“Christian Lacroix, La Source and the Paris Opera Ballet” – Costumes.
MOULINS: “Christian Lacroix, La Source and the Paris Opera Ballet”
Centre national du costume de scène et de la scénographie at Moulins.
Exhibition from June 16 to December 31, 2012
Artistic direction : Christian Lacroix
Exhibiton curators : Christian Lacroix, costume designer ; Brigitte Lefèvre, director of dance at the Opéra national de Paris and Delphine Pinasa, director of the Centre national du costume de scène
The Centre national du costume de scène et de la scénographie continues its collaboration with Christian Lacroix, following him into the heart of the Opéra national de Paris where he created the costumes for the ballet La Source, in a choreography by Jean-Guillaume Bart, Danseur Etoile. These sumptous costumes embroidered with Swarovski crystals were worn on stage by the Paris Opera Ballet at the Palais Garnier in the autumn of 2011 and are presented here in an exhibition organized by Christian Lacroix.
Christian Lacroix, designer of theatre costumes Chrisitan Lacroix, great fashion designer who has become a designer of costumes for theatre, opera and ballet, created the sumptuous costumes for the ballet La Source, given at the Opéra national de Paris in the autumn of 2011. This romantic ballet, which disappeared from the repertoire of the Opéra at the end of the 19th century, tells the story of the
sacrifice of Naïla, spirit of the source, for the love of the hunter Djemil and his beautiful Nouredda.
Jean-Guillaume Bart, Danseur Etoile, trained at the dance school of the Opéra, had long had the project to bring this ballet back to life. Brigitte Lefèvre, director of dance at the Opéra national de Paris gave him the occasion to do so, inviting the dramaturge Clément Hervieu-Léger, costume designer Christian Lacroix and scenographer Eric Rufaround him to accompany him in this adventure, and programming the ballet at the Palais Garnier.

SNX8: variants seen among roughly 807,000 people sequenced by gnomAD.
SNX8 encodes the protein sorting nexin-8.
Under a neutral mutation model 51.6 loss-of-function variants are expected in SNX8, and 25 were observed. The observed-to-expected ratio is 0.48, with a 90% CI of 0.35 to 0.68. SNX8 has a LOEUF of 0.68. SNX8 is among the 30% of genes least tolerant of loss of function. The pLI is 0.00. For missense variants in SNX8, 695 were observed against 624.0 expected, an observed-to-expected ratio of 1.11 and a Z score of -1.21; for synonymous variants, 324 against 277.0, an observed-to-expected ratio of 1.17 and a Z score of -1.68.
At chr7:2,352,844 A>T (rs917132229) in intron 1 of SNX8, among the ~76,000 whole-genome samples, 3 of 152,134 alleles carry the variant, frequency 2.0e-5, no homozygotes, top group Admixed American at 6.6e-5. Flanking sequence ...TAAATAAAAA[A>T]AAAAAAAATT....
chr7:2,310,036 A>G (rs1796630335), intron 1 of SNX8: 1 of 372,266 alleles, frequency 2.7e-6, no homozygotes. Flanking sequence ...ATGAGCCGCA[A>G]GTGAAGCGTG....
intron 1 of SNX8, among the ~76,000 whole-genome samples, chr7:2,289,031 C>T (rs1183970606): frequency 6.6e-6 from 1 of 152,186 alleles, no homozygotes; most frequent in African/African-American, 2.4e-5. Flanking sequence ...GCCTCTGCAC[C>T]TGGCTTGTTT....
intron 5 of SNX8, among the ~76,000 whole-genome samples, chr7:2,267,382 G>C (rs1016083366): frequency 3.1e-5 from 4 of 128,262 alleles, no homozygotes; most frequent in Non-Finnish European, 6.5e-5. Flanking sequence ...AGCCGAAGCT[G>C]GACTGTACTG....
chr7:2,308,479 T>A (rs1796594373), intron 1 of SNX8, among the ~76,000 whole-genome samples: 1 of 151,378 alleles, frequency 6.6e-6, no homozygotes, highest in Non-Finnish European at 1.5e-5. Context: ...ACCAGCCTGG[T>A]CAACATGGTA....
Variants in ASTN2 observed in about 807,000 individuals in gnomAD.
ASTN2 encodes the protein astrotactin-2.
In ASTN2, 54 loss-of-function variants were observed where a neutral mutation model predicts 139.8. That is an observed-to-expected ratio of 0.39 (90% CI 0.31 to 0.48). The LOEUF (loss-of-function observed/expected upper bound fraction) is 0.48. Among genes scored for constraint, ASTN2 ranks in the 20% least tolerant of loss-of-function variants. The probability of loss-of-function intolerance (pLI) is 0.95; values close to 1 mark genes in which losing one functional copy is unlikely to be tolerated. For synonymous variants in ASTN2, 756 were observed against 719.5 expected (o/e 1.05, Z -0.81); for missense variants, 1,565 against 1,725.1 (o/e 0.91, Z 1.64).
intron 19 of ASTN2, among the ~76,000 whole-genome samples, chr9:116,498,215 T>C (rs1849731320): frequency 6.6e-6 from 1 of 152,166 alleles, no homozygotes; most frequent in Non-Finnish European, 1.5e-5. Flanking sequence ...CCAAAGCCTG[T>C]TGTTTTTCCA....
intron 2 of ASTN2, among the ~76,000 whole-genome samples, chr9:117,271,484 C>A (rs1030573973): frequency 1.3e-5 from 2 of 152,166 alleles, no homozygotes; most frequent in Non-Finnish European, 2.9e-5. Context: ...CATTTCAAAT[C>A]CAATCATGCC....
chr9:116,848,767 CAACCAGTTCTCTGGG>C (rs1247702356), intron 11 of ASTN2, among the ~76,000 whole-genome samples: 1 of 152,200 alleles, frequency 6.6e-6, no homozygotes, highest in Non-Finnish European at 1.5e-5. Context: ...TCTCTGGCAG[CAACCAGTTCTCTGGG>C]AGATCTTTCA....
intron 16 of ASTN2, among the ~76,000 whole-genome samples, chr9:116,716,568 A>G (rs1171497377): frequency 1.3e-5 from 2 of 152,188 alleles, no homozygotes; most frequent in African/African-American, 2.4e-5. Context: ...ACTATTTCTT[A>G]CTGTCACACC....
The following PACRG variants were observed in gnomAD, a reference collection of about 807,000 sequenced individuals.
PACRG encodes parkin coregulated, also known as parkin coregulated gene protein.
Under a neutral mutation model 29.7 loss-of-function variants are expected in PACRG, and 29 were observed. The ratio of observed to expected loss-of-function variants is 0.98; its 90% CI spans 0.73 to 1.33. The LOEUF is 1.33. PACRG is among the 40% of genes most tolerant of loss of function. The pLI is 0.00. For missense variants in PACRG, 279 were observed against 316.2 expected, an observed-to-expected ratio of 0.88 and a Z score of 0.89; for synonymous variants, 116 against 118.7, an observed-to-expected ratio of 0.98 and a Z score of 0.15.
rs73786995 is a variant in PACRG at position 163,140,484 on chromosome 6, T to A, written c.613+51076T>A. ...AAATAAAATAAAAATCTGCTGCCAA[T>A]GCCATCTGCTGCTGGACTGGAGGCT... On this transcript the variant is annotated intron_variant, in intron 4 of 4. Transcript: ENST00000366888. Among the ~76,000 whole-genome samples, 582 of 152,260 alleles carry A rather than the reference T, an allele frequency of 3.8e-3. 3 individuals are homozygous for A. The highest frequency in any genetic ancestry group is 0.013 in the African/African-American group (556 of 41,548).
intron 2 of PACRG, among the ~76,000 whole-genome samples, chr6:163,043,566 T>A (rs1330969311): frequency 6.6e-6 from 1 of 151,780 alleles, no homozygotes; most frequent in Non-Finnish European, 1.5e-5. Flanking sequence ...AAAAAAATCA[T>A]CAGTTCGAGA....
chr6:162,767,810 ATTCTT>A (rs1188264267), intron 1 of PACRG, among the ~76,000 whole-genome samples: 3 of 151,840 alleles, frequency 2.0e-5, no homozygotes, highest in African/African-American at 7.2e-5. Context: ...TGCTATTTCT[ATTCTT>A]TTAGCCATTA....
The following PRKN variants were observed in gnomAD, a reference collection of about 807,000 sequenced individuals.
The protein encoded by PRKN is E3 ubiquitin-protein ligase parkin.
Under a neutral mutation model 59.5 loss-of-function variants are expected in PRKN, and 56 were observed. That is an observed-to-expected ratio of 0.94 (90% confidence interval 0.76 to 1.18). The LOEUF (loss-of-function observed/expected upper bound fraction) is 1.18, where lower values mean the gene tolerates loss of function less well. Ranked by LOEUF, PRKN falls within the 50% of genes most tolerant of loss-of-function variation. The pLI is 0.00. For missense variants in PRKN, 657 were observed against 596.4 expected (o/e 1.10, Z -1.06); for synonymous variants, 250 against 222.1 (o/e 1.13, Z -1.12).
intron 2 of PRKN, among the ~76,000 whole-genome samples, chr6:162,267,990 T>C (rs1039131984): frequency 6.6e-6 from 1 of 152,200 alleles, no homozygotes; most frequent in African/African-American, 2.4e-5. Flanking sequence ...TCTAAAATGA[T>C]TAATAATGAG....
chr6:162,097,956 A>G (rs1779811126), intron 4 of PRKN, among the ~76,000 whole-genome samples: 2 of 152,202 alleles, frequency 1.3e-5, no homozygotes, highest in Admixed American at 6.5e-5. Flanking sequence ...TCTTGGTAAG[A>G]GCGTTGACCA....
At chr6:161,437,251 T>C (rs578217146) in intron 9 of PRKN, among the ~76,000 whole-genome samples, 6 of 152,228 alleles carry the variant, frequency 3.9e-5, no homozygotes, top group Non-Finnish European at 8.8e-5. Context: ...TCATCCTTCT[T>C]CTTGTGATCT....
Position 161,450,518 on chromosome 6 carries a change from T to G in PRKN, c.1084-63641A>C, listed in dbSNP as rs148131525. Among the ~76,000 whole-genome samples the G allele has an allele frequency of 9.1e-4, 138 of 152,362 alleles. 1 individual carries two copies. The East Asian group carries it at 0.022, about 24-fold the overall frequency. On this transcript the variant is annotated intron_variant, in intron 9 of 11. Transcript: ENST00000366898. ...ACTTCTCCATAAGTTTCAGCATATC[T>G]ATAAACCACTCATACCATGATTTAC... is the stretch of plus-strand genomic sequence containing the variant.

These costumes, of refined neo-classical style for the fantasy roles, tinted with orientalism and shimmering colors for the folk characters, bear witness to the dream world of Christian Lacroix. He spoke about this during the preparation of the ballet in the costume workshops of the Opéra national de Paris, saying, “I wanted to give the impression that these costumes, as well as the ballet, had come out of a long sleep with their freshness and memories, and, in addition to have the rustic aspects contrast with the opulence of the brocades, ornaments and jewels.”
The ballet is a succession of nymphs in romantic tutus made of Japanese organza (one of the lightest fabrics in the world); of
odalisques draped in tunics and loose pants made from old saris; of Caucasian women as “Russian dolls”, in their ethnic dresses, and Caucasian men in coats inspired by traditional clothing but given new color with the palette of Christian Lacroix; costumes and tiaras decorated with Swarovski crystals.
The route of the exhibition, into the heart of the Opéra national de Paris The exhibition and the accompanying catalogue are an invitation to discover these costumes and accessories from their conception by the costume designer to their creation by the costume workshops at the Palais Garnier and finally to the staging of the ballet. Transported to the heart of the costume workshops at the Palais Garnier, the CNCS will reveal, room by room the different costumes of the characters in the ballet, retracing for each one the stages of development, technical research and artistic interest.